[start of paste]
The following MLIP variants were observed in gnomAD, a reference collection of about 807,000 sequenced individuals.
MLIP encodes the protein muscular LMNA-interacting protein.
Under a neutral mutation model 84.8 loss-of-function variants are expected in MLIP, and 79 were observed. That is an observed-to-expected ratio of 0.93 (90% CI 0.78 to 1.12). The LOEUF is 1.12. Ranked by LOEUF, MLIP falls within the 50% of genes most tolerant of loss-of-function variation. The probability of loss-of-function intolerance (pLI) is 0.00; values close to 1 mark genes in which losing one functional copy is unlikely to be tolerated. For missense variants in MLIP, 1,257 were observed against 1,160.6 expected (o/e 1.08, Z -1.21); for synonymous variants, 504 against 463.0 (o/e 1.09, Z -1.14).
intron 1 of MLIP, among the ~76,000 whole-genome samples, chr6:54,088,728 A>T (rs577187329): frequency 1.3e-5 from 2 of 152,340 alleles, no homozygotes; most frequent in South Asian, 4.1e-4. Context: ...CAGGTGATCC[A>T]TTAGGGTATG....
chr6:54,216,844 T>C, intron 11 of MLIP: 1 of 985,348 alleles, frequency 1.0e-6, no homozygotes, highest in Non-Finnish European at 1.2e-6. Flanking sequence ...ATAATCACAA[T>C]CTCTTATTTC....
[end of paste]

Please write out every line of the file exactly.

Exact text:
The following MLIP variants were observed in gnomAD, a reference collection of about 807,000 sequenced individuals.
MLIP encodes the protein muscular LMNA-interacting protein.
Under a neutral mutation model 84.8 loss-of-function variants are expected in MLIP, and 79 were observed. That is an observed-to-expected ratio of 0.93 (90% CI 0.78 to 1.12). The LOEUF is 1.12. Ranked by LOEUF, MLIP falls within the 50% of genes most tolerant of loss-of-function variation. The probability of loss-of-function intolerance (pLI) is 0.00; values close to 1 mark genes in which losing one functional copy is unlikely to be tolerated. For missense variants in MLIP, 1,257 were observed against 1,160.6 expected (o/e 1.08, Z -1.21); for synonymous variants, 504 against 463.0 (o/e 1.09, Z -1.14).
intron 1 of MLIP, among the ~76,000 whole-genome samples, chr6:54,088,728 A>T (rs577187329): frequency 1.3e-5 from 2 of 152,340 alleles, no homozygotes; most frequent in South Asian, 4.1e-4. Context: ...CAGGTGATCC[A>T]TTAGGGTATG....
chr6:54,216,844 T>C, intron 11 of MLIP: 1 of 985,348 alleles, frequency 1.0e-6, no homozygotes, highest in Non-Finnish European at 1.2e-6. Flanking sequence ...ATAATCACAA[T>C]CTCTTATTTC....